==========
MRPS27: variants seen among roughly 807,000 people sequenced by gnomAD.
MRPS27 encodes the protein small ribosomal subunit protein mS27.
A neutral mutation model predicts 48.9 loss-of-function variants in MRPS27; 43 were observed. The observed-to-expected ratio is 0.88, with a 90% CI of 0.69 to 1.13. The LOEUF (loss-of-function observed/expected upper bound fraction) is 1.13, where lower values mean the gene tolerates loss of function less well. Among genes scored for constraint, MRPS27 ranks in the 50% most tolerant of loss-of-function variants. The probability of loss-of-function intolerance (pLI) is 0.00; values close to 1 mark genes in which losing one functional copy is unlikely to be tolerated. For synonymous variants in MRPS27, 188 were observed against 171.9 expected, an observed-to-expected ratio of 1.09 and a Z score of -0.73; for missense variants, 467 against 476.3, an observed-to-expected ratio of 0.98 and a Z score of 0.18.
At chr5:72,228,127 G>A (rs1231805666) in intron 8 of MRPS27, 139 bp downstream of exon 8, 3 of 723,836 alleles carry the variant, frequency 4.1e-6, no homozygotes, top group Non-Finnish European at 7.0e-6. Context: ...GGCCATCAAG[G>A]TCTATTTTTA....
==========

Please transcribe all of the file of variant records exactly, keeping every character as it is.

MRPS27: variants seen among roughly 807,000 people sequenced by gnomAD.
MRPS27 encodes the protein small ribosomal subunit protein mS27.
A neutral mutation model predicts 48.9 loss-of-function variants in MRPS27; 43 were observed. The observed-to-expected ratio is 0.88, with a 90% CI of 0.69 to 1.13. The LOEUF (loss-of-function observed/expected upper bound fraction) is 1.13, where lower values mean the gene tolerates loss of function less well. Among genes scored for constraint, MRPS27 ranks in the 50% most tolerant of loss-of-function variants. The probability of loss-of-function intolerance (pLI) is 0.00; values close to 1 mark genes in which losing one functional copy is unlikely to be tolerated. For synonymous variants in MRPS27, 188 were observed against 171.9 expected, an observed-to-expected ratio of 1.09 and a Z score of -0.73; for missense variants, 467 against 476.3, an observed-to-expected ratio of 0.98 and a Z score of 0.18.
At chr5:72,228,127 G>A (rs1231805666) in intron 8 of MRPS27, 139 bp downstream of exon 8, 3 of 723,836 alleles carry the variant, frequency 4.1e-6, no homozygotes, top group Non-Finnish European at 7.0e-6. Context: ...GGCCATCAAG[G>A]TCTATTTTTA....